Although the results of serologic testing using the microscopic agglutination test (MAT) have been widely used to predict the identity of an infecting serogroup in both incidental and reservoir hosts, this approach is not reliable because of paradoxical serologic cross-reactivity and the potential for omission of the infecting serogroup from the panel.7,3133 Inclusion of local serovars isolated from the kidneys and urine of domestic animals and wildlife species in Tanzania in the MAT was reported to increase leptospiral seroprevalence in humans from 0.26% to 10.75% and in rodents from 1.9% to 16.9%.34 The revised panel included serovars Sokoine, Kenya, Lora, Canicola, Grippotyphosa, Hebdomadis, Pomona, and Hardjo, while historical results used a panel that contained serovars Icterohaemorrhagiae, Canicola, Pyrogenes, Hardjo, and Grippotyphosa.35 Most veterinary panels include 6 to 7 serovars. In contrast, panels used in human diagnostic laboratories may include over 30 serovars.36 Even with the use of large panels, the serovar with the highest titer does not reliably predict the infecting serovar.33,37,38 Assays that include a large number of serovars are significantly more laborious to perform, report, and interpret.

Culture Revisited

In recent years, novel approaches have increased the speed and sensitivity of Leptospira culture, allowing subsequent serotyping and complete genomic characterization. The continued importance of this approach was exemplified in late 2020 when Leptospira borgpetersenii serovar Tarassovi, a serovar not present in bacterin vaccines for cattle, was identified for the first time in a dairy cow from a herd in Minnesota with a history of poor reproductive performance.39 The results of serial MAT testing using a panel of 19 serovars showed low positive titers (up to 1:200) to multiple serovars, but no reactions were identified to the reference serovar Tarrasovi strain or the strain isolated from the cow. Sequence analysis of ∼200 base pair secY gene sequences obtained from direct PCR sequencing21 yielded 100% matches with L borgpetersenii serovar Tarassovi and L borgpetersenii serovar Nyanza. Culture was pursued because of the recognition that secY sequence analysis could not be relied upon to identify serovar status.39 In a 2021 outbreak of leptospirosis in dogs in Santa Monica, high MAT titers to serovar Canicola in many dogs suggested Canicola as the infecting serogroup;40 some dogs had titers to serovar Canicola reaching 1:102,400. This was somewhat unexpected, as dogs are generally considered reservoir hosts of serogroup Canicola. Subsequent culture and serotyping did confirm the identity of the pathogen as L interrogans serogroup Canicola.41 Accordingly, the outbreak ceased in association with education of local veterinarians about the need to implement vaccination of dogs with current vaccines that contain serovars Canicola, Icterohaemorrhagiae, Grippotyphosa, and Pomona (which was not widely practiced in the region due to the perception that the risk of leptospirosis was low).40 It is possible the leptospiral strain in this outbreak possessed virulence factors not present in reservoir host-associated strains of serogroup Canicola or host factors (such as immunosuppression due to overcrowding in daycare centers) may have played a role.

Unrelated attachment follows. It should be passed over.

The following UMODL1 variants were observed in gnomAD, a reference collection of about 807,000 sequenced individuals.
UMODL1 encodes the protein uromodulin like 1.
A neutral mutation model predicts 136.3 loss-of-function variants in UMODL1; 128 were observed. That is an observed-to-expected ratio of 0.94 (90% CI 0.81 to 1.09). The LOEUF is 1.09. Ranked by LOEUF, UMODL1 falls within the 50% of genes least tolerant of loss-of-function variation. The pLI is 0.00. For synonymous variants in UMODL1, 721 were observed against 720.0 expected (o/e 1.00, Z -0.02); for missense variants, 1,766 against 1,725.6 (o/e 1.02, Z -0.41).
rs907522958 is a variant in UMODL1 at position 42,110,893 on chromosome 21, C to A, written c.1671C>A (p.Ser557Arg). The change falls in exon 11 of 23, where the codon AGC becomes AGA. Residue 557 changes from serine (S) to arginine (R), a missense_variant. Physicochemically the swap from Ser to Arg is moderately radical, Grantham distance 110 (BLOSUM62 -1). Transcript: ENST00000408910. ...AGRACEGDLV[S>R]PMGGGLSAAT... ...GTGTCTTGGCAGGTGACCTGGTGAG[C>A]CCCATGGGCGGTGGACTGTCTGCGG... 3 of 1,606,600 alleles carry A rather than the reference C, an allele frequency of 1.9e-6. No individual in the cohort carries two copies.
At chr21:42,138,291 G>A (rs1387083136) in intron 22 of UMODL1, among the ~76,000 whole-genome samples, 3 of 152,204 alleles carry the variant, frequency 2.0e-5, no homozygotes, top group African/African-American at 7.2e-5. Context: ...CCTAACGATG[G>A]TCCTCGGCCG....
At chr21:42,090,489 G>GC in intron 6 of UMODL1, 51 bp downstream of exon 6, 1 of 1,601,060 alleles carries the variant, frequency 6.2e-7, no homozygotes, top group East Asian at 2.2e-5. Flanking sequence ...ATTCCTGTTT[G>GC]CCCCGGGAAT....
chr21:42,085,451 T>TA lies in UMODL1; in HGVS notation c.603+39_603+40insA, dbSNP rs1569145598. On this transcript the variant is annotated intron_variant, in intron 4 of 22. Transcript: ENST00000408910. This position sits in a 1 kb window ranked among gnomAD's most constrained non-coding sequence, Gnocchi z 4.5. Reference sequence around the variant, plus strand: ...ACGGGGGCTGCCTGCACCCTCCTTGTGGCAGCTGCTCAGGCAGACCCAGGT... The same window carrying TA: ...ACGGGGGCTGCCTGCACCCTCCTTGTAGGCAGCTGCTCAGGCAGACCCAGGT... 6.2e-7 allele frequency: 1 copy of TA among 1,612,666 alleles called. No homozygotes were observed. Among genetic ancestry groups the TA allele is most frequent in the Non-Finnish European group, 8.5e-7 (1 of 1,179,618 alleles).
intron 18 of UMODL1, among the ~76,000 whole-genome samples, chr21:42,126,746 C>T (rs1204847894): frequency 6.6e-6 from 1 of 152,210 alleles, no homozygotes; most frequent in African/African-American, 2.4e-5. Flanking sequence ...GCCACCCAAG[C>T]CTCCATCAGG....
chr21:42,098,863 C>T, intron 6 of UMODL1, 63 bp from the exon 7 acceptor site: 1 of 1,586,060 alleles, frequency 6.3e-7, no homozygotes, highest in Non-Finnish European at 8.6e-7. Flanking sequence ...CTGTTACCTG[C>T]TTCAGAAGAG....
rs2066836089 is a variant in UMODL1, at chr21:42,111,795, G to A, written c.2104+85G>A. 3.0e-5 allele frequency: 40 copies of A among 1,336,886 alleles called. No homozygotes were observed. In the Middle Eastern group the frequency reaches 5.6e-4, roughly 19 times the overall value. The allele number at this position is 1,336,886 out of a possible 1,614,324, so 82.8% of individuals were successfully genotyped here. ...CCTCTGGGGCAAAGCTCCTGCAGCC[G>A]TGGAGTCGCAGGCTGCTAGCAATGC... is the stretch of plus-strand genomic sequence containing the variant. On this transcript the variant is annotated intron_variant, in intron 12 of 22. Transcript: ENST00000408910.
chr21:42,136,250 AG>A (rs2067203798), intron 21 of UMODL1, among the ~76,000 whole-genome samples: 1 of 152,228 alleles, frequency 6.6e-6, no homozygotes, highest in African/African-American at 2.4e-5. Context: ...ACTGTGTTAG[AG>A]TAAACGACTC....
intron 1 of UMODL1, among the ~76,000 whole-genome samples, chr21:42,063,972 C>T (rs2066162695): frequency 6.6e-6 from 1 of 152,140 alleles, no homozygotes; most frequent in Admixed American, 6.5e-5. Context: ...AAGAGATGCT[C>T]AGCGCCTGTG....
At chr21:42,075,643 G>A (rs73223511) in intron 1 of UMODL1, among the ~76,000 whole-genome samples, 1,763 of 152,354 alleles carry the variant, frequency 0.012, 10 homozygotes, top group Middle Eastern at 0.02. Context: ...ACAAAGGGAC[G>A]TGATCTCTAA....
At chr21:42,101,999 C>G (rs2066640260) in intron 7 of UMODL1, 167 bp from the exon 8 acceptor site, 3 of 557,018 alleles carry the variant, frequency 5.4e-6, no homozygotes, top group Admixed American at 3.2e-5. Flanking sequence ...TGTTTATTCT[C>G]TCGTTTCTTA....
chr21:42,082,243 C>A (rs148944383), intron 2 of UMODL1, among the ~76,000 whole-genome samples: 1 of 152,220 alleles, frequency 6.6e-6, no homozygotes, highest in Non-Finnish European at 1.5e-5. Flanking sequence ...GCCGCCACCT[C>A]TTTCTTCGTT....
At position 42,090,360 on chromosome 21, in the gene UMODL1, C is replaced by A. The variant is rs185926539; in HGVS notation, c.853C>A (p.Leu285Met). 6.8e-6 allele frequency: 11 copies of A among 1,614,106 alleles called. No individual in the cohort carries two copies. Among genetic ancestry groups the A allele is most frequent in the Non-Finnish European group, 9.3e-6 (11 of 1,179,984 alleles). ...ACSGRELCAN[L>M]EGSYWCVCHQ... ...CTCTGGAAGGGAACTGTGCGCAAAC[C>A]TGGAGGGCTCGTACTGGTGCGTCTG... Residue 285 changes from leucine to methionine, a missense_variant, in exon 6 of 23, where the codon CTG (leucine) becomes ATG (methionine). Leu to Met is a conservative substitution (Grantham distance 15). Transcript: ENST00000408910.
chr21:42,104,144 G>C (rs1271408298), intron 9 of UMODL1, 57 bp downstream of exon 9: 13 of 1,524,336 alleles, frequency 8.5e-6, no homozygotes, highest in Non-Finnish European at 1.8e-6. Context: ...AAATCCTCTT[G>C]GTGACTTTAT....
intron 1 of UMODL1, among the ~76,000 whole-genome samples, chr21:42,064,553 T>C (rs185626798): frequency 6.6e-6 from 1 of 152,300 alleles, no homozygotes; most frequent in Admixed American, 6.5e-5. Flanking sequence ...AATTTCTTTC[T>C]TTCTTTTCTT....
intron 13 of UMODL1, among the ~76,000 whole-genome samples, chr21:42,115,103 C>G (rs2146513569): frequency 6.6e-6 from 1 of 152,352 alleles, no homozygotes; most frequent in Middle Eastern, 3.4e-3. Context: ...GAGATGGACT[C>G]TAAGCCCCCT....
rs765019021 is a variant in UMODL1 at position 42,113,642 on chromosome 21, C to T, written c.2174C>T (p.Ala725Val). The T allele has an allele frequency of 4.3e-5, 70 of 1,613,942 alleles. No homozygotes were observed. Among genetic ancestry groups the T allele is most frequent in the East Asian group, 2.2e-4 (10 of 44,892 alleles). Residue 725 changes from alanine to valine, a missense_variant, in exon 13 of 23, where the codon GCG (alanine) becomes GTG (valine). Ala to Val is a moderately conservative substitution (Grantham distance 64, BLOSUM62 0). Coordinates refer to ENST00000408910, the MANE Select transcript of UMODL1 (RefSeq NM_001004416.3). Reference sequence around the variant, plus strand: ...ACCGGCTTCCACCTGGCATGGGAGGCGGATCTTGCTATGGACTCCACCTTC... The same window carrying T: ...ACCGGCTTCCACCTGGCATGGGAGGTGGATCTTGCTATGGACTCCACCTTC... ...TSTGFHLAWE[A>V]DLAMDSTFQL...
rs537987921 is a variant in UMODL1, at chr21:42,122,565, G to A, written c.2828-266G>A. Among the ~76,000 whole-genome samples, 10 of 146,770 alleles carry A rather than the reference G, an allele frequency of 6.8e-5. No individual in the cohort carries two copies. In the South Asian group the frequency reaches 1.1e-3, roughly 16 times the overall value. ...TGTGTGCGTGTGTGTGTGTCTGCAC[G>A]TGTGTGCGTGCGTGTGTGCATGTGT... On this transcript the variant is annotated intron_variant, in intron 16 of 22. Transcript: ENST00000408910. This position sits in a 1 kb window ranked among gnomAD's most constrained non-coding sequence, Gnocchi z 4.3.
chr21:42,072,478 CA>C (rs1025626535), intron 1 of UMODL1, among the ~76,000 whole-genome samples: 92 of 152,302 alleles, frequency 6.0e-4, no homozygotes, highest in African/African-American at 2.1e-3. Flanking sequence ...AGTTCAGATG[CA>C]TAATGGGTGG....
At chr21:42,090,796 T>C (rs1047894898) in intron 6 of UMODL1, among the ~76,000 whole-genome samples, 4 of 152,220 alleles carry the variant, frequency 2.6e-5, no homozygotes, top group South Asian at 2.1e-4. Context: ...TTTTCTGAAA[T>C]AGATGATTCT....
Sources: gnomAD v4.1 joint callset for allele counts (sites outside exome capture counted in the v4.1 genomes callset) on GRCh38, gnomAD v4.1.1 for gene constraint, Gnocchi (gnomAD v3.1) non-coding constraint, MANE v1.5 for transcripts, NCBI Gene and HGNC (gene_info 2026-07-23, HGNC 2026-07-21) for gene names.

Successful isolation requires engagement of personnel collecting specimens in the field, as well as excellent communication among these personnel, laboratory staff, and others involved in specimen transport. The sensitivity of culture in humans and animals with suspected leptospirosis can be optimized by (1) early recognition of likely cases by clinicians based on history and clinical signs, (2) properly timed collection of correct specimens, (3) patient-side inoculation of media before administration of antimicrobials (requiring on-site storage of media), and (4) rapid specimen transport to experienced laboratory personnel that are available to inoculate media on specimen receipt. Because leptospirosis is associated with characteristic patterns of clinical and laboratory abnormalities, use of machine learning algorithms may help to promote early recognition of leptospirosis by physicians and veterinarians; this in turn may increase the success of positive results using specific diagnostic tests. A machine learning algorithm was shown to predict leptospirosis in dogs seen at the University of California-Davis Veterinary Medical Teaching Hospital with 100% sensitivity (95% CI: 70.1 to 100%) and 90.9% specificity (95% CI: 78.8 to 96.4%).42 The close resemblance of human leptospirosis to the disease in dogs suggests a similar approach could be used in humans.